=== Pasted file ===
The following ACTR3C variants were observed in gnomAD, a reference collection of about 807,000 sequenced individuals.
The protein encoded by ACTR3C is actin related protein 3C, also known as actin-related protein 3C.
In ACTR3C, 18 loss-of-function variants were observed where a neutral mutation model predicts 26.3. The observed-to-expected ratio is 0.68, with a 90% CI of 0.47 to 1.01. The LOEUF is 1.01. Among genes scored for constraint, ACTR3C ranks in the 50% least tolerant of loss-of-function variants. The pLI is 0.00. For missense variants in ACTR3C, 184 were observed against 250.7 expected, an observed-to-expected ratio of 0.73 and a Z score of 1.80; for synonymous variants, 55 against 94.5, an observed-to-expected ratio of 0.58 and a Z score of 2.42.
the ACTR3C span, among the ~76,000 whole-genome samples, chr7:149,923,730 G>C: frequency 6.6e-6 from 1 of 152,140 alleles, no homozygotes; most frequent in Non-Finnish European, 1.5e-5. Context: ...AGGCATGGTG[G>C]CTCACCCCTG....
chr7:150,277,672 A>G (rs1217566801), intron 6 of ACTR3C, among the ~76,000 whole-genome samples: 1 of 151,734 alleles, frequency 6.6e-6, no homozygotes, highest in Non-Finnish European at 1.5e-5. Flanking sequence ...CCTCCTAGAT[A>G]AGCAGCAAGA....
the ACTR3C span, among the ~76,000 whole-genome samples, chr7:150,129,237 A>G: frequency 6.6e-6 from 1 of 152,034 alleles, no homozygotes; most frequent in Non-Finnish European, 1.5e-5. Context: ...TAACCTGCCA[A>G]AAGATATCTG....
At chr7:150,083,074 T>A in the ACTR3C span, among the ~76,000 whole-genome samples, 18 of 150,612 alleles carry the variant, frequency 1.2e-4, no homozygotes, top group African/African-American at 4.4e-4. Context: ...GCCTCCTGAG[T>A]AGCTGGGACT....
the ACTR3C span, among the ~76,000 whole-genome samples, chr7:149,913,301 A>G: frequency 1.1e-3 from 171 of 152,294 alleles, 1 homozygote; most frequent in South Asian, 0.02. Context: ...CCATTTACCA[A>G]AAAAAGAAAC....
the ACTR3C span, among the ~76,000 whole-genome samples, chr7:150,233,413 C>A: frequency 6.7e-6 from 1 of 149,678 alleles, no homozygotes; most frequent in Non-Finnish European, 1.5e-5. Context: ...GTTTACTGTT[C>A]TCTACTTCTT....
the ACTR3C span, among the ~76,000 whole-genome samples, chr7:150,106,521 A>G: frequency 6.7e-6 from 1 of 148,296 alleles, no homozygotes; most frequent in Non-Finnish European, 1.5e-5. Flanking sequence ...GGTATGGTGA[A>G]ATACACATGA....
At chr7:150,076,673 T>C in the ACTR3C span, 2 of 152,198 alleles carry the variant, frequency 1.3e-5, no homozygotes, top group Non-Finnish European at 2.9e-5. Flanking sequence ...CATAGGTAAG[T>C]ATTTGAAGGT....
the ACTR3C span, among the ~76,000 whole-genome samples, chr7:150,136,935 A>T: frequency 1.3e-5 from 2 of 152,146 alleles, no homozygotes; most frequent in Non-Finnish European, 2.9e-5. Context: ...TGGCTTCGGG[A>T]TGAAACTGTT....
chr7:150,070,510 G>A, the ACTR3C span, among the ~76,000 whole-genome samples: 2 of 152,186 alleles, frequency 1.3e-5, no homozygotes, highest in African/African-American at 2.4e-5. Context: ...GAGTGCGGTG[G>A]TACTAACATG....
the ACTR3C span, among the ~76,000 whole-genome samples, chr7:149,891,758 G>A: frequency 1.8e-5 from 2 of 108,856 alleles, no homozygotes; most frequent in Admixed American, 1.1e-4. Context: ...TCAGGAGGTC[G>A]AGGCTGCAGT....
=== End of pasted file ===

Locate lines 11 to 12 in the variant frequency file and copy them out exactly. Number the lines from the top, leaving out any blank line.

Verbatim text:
At chr7:150,076,673 T>C in the ACTR3C span, 2 of 152,198 alleles carry the variant, frequency 1.3e-5, no homozygotes, top group Non-Finnish European at 2.9e-5. Flanking sequence ...CATAGGTAAG[T>C]ATTTGAAGGT....
the ACTR3C span, among the ~76,000 whole-genome samples, chr7:150,136,935 A>T: frequency 1.3e-5 from 2 of 152,146 alleles, no homozygotes; most frequent in Non-Finnish European, 2.9e-5. Context: ...TGGCTTCGGG[A>T]TGAAACTGTT....